Information Overload? Music Studies in the Age of Abundance
Deadline for Submissions (250-word abstracts plus 100-word bio): Friday 7 May 2021
Email Address for Submissions: muscon2021 -at- contacts.bham.ac.uk
Conference Dates: 8-10 September 2021
Keynote Speakers: Robin James (UNC at Charlotte), Nick Seaver (Tufts University). More Speakers TBA.
Conference Website with Full CFP & Info:https://www.birmingham.ac.uk/schools/lcahm/departments/music/events/2021/information-overload-music-history-in-the-age-of-abundance.aspx
Venue: University of Birmingham (UK) and Online
For those investigating any musical activity after about 1994, the main sources of research data will not be print archives or discrete media – they will be World Wide Web media. The Internet Archive, the web’s library, today holds over 525 billion archived web pages, while API and post-API archiving initiatives make social web platforms accessible as research databases. At first glance, no other archive is more inclusive in terms of whose voices it represents, and none more comprehensive in terms of the insights it provides into the thoughts, desires and musical tastes of ordinary people.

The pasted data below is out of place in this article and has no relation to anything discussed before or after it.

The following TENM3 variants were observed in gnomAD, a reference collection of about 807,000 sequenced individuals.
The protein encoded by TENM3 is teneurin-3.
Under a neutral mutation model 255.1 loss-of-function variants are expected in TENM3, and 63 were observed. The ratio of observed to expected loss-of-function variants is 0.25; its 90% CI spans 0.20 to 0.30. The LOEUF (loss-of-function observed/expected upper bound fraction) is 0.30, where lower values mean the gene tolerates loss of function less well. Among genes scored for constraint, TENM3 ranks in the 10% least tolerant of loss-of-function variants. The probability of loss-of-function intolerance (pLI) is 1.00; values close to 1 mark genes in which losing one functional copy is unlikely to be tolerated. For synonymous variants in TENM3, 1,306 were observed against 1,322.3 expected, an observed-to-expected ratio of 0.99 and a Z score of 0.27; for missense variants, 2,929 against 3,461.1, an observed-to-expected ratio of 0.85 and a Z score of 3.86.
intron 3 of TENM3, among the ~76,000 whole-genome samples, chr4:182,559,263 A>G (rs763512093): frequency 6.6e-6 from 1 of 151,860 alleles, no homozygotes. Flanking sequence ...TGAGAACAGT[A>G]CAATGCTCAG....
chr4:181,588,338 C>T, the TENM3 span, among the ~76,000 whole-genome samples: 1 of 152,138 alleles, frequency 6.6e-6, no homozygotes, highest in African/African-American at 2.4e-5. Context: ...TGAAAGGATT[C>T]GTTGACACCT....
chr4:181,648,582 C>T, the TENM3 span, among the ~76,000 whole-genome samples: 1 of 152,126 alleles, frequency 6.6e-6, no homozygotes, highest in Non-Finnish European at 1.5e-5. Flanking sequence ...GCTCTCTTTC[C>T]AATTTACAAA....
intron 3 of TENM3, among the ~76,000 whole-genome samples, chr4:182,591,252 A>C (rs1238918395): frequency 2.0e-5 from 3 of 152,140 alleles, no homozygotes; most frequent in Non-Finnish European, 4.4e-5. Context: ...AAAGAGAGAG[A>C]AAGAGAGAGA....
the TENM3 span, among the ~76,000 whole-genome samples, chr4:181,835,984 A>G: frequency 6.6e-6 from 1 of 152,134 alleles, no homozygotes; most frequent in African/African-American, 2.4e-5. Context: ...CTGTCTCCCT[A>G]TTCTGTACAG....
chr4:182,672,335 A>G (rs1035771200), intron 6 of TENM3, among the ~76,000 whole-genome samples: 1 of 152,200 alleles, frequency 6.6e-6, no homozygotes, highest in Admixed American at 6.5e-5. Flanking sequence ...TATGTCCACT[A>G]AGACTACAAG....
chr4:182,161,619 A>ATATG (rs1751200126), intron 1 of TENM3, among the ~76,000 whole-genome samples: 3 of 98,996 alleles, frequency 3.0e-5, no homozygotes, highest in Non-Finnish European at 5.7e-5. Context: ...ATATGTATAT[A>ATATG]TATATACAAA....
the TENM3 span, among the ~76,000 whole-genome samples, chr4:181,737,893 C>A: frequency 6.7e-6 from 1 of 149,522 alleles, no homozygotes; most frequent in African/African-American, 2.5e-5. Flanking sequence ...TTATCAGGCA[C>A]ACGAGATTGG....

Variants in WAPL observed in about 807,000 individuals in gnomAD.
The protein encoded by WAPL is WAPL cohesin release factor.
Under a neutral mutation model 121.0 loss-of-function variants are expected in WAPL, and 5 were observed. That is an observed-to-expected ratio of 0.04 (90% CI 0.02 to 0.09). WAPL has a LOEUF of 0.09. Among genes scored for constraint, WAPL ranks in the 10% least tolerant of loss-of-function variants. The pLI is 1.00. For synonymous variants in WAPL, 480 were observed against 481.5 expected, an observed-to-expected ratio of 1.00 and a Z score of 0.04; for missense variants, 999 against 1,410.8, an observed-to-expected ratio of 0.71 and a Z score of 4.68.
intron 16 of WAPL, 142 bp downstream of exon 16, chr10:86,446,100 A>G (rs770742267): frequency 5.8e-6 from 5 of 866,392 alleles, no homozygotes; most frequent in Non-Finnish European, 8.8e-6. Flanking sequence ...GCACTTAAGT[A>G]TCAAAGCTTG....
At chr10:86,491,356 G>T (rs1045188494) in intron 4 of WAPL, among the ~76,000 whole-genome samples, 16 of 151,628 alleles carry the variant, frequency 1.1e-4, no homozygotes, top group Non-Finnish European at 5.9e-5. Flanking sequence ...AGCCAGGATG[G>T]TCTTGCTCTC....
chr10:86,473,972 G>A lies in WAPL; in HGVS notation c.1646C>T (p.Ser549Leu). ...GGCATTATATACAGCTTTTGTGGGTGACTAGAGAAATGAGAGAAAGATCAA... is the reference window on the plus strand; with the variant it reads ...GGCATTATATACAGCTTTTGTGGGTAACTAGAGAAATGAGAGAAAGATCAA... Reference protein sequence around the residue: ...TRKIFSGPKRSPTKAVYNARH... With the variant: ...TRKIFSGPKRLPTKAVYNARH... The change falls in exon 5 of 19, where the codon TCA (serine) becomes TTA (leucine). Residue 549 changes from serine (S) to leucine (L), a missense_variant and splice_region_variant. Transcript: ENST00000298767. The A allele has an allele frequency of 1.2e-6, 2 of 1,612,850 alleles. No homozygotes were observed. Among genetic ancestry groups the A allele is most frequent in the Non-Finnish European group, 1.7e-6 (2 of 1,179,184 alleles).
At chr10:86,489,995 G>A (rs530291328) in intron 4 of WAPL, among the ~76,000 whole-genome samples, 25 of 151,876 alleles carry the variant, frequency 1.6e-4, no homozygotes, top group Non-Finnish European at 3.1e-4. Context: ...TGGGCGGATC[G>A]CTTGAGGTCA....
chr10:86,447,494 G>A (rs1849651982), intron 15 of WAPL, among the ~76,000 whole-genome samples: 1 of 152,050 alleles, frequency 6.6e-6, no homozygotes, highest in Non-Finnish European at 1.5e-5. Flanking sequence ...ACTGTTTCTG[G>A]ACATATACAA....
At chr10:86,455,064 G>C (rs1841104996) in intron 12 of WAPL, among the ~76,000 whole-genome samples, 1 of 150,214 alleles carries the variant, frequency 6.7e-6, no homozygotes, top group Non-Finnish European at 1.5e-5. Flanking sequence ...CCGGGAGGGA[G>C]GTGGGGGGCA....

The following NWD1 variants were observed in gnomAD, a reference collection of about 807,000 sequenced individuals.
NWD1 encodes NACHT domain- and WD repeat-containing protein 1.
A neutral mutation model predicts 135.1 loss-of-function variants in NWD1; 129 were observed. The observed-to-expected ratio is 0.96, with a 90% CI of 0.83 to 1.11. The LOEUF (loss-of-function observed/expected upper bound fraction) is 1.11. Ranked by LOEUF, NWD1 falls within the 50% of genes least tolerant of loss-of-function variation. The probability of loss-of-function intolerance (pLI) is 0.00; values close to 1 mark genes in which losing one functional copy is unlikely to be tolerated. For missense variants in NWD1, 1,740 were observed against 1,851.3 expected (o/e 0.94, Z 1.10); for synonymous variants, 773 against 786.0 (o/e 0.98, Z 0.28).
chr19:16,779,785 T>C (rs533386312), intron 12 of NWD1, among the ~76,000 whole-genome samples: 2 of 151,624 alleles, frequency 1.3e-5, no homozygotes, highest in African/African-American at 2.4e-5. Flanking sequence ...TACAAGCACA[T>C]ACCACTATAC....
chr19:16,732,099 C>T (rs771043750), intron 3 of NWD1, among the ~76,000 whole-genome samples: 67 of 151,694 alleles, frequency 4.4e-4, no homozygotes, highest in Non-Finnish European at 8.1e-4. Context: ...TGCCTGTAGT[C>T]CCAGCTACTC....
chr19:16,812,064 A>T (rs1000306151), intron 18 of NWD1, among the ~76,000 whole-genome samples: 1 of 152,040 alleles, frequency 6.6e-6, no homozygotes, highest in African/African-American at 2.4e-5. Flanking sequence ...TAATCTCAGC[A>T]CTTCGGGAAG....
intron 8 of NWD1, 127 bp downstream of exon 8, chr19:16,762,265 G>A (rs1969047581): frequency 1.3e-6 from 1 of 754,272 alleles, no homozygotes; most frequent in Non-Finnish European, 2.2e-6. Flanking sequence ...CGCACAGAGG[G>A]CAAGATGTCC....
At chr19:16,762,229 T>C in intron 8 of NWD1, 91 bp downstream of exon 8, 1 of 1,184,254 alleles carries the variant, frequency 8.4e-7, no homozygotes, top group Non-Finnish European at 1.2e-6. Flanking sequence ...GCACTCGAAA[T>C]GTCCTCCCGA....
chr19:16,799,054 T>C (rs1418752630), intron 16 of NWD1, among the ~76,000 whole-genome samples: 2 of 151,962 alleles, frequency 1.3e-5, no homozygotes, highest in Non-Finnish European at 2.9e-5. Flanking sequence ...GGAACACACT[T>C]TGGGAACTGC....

Yet there is good cause to be sceptical of claims to a more ‘democratic’ archive in an age of surveillance capitalism. Contrary to early hopes that the internet would bring about greater egalitarianism, Shoshana Zuboff argues that the political economy of contemporary digital communications is characterised by ‘radical indifference’ in the service of maximising data flows. The harms that algorithms perpetuate through biased and incomplete training data suggest that visibility within the archive remains strongly patterned according to race, gender, prosperity, ability and geography. Intersecting with these concerns is a question of how the superficial ‘abundance’ of stories to be told about music in the last twenty-five years impacts on questions of historical theory.
With this conference we seek to gather researchers who are interested in the epistemological, methodological, ethical, and disciplinary problems that arise when studying music in the age of abundance.
Christopher Haworth, Danielle Sofer, Edward Spencer